On Jan 10, 2014, at 6:55 AM, Richard Strausz <Richard.Strausz@farmington.k12.mi.us> wrote:
> Also, what would your ideal book do to make use of technology for demonstrations and student use? > > Richard
Funny you asked this. On another (physics) thread the current discussion was about the applicability of log paper today. As you probably already know, log paper is graph paper but with one or both axis using a logarithmic scale instead of the conventional linear scale. There are many use cases that benefit from plotting things on a logarithmic scale, namely when the data is exponential in nature. One of the benefits is that exponential data becomes linear when plotted this way. The discussion was more or less about whether log paper is even needed in classrooms today, with the advent of spreadsheets and all. A parallel to the slide rule and its disappearance was made as well. The following was my reply to a point posed by one of the participants -
> Do students learn something in the process? Probably, but they'd learn similar things and a lot more using a slide rule and my guess is that few of us would deem that exercise worthwhile.
My reply -
There has to be a way to preserve the cognitive benefits of interesting use cases that our generation took for granted. I have no problem with replacing old use cases with new use cases, but they need to retain the pedagogical and cognitive effects. Technological advances run counter to that notion. And for good reason. Technology strives to make the ?task? simpler. But in cognitive pedagogy, the ?task? is usually not the point. The point of cognitive pedagogy is to make the student think better and to enhance their ability to unravel mystery. This almost always means to become more familiar with the underlying principles of the task, not the task itself. Aka, formal thinking.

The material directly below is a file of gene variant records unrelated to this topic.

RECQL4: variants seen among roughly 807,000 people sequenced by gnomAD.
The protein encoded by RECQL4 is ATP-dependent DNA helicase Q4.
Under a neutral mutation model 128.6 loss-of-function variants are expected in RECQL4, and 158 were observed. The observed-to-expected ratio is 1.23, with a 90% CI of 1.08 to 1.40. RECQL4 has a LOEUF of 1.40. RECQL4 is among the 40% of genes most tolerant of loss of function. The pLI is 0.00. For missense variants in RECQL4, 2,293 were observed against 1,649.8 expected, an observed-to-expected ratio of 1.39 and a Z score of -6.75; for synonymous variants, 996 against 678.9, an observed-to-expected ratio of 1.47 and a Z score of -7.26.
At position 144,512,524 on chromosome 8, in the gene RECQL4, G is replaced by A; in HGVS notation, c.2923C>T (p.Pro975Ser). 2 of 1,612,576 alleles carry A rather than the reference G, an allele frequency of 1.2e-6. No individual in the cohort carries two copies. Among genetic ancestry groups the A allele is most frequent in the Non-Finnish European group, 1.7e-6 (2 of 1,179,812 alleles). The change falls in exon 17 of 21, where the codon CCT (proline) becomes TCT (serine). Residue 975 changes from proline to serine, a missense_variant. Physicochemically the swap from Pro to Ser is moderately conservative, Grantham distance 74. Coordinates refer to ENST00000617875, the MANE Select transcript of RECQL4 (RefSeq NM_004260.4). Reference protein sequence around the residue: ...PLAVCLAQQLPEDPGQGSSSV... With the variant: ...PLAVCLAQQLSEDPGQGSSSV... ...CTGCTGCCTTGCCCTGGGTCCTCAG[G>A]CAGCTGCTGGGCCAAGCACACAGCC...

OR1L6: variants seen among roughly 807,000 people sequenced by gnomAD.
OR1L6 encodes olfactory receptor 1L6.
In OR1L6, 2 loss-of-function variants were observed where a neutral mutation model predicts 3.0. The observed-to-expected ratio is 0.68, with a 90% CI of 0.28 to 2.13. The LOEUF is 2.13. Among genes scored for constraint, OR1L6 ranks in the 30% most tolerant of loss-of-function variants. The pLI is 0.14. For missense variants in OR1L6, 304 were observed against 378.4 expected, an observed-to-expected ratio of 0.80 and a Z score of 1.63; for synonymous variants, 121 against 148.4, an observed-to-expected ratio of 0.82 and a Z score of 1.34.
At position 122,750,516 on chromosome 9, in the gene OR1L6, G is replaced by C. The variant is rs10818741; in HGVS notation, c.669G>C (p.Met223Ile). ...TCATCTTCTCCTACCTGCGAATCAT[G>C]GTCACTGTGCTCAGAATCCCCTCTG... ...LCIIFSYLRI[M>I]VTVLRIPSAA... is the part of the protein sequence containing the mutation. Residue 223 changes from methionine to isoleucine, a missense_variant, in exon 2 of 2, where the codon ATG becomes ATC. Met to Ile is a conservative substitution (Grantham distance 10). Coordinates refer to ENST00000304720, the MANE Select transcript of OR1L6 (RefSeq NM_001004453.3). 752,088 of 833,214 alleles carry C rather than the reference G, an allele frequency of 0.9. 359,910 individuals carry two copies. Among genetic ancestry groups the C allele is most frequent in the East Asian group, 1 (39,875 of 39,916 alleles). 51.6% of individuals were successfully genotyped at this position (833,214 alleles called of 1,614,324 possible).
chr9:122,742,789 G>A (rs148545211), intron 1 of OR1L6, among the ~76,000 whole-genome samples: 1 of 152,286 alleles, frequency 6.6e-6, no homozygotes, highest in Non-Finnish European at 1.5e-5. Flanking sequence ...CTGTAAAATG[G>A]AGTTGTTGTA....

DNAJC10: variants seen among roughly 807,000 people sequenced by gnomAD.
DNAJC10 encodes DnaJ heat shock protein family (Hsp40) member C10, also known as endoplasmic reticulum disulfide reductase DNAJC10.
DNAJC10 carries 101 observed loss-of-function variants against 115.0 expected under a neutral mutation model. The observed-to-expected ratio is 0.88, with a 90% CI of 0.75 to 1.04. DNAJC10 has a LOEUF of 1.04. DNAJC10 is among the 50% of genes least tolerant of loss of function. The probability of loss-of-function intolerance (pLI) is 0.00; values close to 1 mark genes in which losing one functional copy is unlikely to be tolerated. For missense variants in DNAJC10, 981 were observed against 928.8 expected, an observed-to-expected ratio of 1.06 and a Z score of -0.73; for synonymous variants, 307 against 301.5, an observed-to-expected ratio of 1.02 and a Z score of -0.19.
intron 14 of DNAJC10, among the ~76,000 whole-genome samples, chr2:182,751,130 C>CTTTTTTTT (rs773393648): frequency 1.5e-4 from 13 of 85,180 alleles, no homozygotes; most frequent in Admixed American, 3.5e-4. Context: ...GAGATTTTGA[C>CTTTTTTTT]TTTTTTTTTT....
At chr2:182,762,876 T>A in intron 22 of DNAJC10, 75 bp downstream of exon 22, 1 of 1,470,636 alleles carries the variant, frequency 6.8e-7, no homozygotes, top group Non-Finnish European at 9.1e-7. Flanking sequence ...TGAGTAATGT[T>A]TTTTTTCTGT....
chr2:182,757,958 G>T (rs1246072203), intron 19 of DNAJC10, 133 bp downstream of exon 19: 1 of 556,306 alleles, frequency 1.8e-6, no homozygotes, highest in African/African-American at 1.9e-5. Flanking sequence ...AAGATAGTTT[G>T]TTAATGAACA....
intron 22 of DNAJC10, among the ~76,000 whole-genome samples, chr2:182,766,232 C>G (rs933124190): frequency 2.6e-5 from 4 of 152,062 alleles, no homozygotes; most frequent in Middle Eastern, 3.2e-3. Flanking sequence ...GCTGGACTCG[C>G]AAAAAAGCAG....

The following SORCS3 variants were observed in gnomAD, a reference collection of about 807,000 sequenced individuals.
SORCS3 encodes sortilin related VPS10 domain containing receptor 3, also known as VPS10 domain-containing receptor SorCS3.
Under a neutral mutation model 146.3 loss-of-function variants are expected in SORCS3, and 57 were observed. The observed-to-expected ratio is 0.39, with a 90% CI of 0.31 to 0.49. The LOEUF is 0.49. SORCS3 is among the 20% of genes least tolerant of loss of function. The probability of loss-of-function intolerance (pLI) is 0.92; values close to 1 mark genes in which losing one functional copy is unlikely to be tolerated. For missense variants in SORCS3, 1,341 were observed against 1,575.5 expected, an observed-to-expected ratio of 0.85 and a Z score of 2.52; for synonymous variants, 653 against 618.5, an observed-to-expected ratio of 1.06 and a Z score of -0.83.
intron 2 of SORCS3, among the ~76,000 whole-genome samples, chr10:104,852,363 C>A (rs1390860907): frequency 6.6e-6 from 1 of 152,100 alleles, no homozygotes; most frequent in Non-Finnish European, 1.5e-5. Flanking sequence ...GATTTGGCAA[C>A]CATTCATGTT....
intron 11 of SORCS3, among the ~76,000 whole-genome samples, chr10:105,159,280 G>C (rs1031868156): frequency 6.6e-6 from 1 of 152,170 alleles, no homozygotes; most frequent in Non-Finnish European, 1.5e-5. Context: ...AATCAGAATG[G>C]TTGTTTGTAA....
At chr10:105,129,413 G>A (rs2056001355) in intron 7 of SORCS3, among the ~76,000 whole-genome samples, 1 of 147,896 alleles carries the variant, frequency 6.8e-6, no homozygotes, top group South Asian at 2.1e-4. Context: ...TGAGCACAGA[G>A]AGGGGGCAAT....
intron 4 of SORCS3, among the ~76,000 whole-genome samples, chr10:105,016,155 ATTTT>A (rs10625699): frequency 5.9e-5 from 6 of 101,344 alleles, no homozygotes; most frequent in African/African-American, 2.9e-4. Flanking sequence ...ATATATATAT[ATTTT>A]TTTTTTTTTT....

Our precious takeaway from using slide rules and log paper wasn?t how to apply them to the tasks they applied to. It was how the damned things worked and as incredible as this might sound, those tools worked on the very same principles we were learning. This free and direct benefit does not exist with modern technology. The principles and theory behind calculators and spreadsheets is too advanced, too complex, and worse of all, not even relevant to the principles we are learning, unless of course, it is a class in computer science.
This discussion, others like it, and the misconceptions that abound with technology?s role in pedagogy, have inspired me to do a deeper dive into this problem. Essentially, when is a spreadsheet in a classroom as cognitively useful and pertinent as was a slide rule, or log paper, or many other use cases that have been displaced by modern technology.
A thought experiment that I have found useful in my analysis is quite simple. After I observe a class activity and what is expected of the students during and at the conclusion of the activity, I then imagine what that same activity would look like with 5th graders. If the 5th graders would achieve the same expected results as the much older students then the activity and its expected results are cognitively and pedagogically lacking. 3rd graders can use slide rules, but they cannot understand how or why they work. Thus, an activity involving slide rules designed only to require the use of slide rules is appropriate for 3rd graders, but not for 9th graders.
Modern technology changes things considerably. It isn?t possible for a 9th grader, or even a college student, or even a professional to understand how a spreadsheet works. And even if they did understand, that understanding is not relevant to the principles we are focused on. Which in this case is a more thorough and deeper understanding of the logarithmic function and its nuances, which underlies a lot of phenomena. Another interesting function, with its own nuances, that also underlies a lot of phenomena, is the sine function.
So the trick is to create spreadsheet activities that continue to reinforce the understanding of the logarithmic function and its nuances. An understanding which was easily and directly observable in older technologies like log paper and slide rules.
This isn?t an impossible task. It's just often confusing to many teachers. They confuse ?the task" with the pedagogical and cognitive goals. When new technologies emerge that do ?the task? better they forget that this wasn?t the pedagogical goal. Slide rules and log paper do both. They were designed on the very principles that you are trying to teach. It?s their nature. When you replace them with spreadsheets, then it is now up to you to replace what you lost with the older technology. You must design the activities such that they exhibit those same principles and challenge the students to understand them. Something that the older technologies did just siting on a table.